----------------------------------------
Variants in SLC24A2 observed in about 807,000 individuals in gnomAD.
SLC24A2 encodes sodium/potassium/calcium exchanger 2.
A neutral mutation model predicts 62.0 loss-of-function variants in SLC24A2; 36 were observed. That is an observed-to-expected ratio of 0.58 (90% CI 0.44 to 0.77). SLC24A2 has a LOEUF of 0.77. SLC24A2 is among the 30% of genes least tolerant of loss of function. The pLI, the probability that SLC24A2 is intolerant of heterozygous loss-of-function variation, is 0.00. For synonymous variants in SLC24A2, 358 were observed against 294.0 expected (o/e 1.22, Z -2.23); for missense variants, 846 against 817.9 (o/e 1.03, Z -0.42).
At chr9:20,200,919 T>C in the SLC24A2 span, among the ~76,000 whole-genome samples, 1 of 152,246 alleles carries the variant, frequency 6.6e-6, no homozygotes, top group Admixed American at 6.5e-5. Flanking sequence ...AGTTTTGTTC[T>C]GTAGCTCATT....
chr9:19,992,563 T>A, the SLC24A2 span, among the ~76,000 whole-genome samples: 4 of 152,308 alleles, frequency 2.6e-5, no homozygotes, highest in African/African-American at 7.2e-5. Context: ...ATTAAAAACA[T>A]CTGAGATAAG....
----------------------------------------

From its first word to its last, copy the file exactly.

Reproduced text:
Variants in SLC24A2 observed in about 807,000 individuals in gnomAD.
SLC24A2 encodes sodium/potassium/calcium exchanger 2.
A neutral mutation model predicts 62.0 loss-of-function variants in SLC24A2; 36 were observed. That is an observed-to-expected ratio of 0.58 (90% CI 0.44 to 0.77). SLC24A2 has a LOEUF of 0.77. SLC24A2 is among the 30% of genes least tolerant of loss of function. The pLI, the probability that SLC24A2 is intolerant of heterozygous loss-of-function variation, is 0.00. For synonymous variants in SLC24A2, 358 were observed against 294.0 expected (o/e 1.22, Z -2.23); for missense variants, 846 against 817.9 (o/e 1.03, Z -0.42).
At chr9:20,200,919 T>C in the SLC24A2 span, among the ~76,000 whole-genome samples, 1 of 152,246 alleles carries the variant, frequency 6.6e-6, no homozygotes, top group Admixed American at 6.5e-5. Flanking sequence ...AGTTTTGTTC[T>C]GTAGCTCATT....
chr9:19,992,563 T>A, the SLC24A2 span, among the ~76,000 whole-genome samples: 4 of 152,308 alleles, frequency 2.6e-5, no homozygotes, highest in African/African-American at 7.2e-5. Context: ...ATTAAAAACA[T>A]CTGAGATAAG....